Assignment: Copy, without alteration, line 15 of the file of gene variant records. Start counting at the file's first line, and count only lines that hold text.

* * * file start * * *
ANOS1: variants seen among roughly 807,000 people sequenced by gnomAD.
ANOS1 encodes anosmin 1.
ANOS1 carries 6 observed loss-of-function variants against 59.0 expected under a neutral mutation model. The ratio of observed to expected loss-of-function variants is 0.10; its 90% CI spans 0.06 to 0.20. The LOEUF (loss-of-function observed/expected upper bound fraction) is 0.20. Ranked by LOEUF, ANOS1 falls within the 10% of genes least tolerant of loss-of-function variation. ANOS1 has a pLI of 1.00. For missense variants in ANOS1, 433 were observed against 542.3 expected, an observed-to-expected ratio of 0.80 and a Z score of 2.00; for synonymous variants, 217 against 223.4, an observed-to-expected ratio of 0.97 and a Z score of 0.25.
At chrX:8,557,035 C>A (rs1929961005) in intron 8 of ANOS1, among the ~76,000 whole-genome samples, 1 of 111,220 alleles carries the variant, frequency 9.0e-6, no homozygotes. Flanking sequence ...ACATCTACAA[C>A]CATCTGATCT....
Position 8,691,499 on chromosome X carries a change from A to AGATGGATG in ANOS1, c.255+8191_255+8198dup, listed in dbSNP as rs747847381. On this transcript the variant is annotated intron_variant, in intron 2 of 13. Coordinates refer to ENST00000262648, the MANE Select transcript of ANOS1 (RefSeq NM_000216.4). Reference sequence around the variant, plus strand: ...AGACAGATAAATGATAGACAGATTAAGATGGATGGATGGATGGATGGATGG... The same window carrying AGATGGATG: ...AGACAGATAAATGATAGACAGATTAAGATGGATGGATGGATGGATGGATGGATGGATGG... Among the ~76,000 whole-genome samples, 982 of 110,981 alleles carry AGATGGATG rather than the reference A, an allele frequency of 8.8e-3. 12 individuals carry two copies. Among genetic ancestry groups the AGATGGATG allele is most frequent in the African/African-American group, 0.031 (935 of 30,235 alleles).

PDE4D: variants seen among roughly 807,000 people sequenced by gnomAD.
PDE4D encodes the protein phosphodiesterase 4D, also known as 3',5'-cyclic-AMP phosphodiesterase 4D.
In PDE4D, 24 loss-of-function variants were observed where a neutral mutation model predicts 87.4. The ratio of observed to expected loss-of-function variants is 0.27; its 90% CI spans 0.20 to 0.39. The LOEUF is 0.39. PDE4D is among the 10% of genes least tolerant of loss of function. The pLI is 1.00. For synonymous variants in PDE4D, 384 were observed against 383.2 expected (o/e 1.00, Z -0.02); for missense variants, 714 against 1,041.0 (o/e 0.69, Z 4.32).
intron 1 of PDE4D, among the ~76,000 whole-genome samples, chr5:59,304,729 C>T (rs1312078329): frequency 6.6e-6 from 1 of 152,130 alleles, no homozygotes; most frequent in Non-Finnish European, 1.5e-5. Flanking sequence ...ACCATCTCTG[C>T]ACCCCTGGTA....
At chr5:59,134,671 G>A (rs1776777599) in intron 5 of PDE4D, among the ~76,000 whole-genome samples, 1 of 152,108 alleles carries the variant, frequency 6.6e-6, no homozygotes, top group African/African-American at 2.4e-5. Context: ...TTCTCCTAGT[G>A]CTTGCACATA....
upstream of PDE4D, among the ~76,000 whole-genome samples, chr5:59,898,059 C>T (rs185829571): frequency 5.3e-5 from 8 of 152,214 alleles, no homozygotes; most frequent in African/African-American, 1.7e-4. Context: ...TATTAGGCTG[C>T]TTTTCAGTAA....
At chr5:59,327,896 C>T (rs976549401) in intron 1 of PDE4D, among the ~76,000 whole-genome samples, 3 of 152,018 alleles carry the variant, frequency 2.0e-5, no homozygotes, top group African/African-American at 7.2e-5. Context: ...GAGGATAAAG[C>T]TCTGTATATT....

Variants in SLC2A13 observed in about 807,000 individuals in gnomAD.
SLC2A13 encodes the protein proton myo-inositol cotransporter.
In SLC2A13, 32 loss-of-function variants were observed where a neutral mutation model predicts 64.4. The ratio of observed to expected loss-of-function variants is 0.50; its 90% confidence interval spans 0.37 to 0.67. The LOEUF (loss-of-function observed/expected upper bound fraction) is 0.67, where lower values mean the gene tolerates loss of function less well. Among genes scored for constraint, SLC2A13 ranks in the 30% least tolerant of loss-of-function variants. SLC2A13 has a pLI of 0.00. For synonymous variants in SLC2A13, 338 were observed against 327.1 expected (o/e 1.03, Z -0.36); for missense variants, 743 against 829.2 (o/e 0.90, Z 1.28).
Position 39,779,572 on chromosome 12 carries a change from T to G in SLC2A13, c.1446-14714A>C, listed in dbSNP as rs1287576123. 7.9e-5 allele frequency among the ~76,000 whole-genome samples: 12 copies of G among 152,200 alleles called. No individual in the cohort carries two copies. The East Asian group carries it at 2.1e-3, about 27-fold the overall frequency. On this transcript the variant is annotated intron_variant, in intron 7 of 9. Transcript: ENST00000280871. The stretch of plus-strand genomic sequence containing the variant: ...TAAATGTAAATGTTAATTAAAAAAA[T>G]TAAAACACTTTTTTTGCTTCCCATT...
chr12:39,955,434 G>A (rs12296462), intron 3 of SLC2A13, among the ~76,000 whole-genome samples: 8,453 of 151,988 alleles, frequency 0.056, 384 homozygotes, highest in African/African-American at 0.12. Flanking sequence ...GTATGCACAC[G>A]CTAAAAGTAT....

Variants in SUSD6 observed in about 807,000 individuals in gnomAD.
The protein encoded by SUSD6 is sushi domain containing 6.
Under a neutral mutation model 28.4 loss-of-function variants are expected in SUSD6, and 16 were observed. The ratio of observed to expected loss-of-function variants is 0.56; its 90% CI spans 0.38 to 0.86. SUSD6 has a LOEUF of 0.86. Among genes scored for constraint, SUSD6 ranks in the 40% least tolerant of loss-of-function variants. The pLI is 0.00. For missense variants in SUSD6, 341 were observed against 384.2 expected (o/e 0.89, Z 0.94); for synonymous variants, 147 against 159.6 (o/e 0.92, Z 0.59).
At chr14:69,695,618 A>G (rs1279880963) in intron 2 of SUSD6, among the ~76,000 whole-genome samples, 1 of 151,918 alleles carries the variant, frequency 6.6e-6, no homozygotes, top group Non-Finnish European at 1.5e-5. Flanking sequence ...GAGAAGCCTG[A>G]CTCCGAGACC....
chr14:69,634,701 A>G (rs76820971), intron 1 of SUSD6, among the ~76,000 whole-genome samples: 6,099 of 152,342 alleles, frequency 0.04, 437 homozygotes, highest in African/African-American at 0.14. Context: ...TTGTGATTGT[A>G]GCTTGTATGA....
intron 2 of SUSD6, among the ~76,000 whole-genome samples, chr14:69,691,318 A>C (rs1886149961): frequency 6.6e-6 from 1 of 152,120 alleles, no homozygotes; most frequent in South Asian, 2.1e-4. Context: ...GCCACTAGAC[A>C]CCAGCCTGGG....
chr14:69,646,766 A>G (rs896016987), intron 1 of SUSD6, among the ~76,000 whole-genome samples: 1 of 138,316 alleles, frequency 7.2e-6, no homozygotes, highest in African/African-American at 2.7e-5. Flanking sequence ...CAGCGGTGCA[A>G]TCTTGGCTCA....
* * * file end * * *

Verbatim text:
In SLC2A13, 32 loss-of-function variants were observed where a neutral mutation model predicts 64.4. The ratio of observed to expected loss-of-function variants is 0.50; its 90% confidence interval spans 0.37 to 0.67. The LOEUF (loss-of-function observed/expected upper bound fraction) is 0.67, where lower values mean the gene tolerates loss of function less well. Among genes scored for constraint, SLC2A13 ranks in the 30% least tolerant of loss-of-function variants. SLC2A13 has a pLI of 0.00. For synonymous variants in SLC2A13, 338 were observed against 327.1 expected (o/e 1.03, Z -0.36); for missense variants, 743 against 829.2 (o/e 0.90, Z 1.28).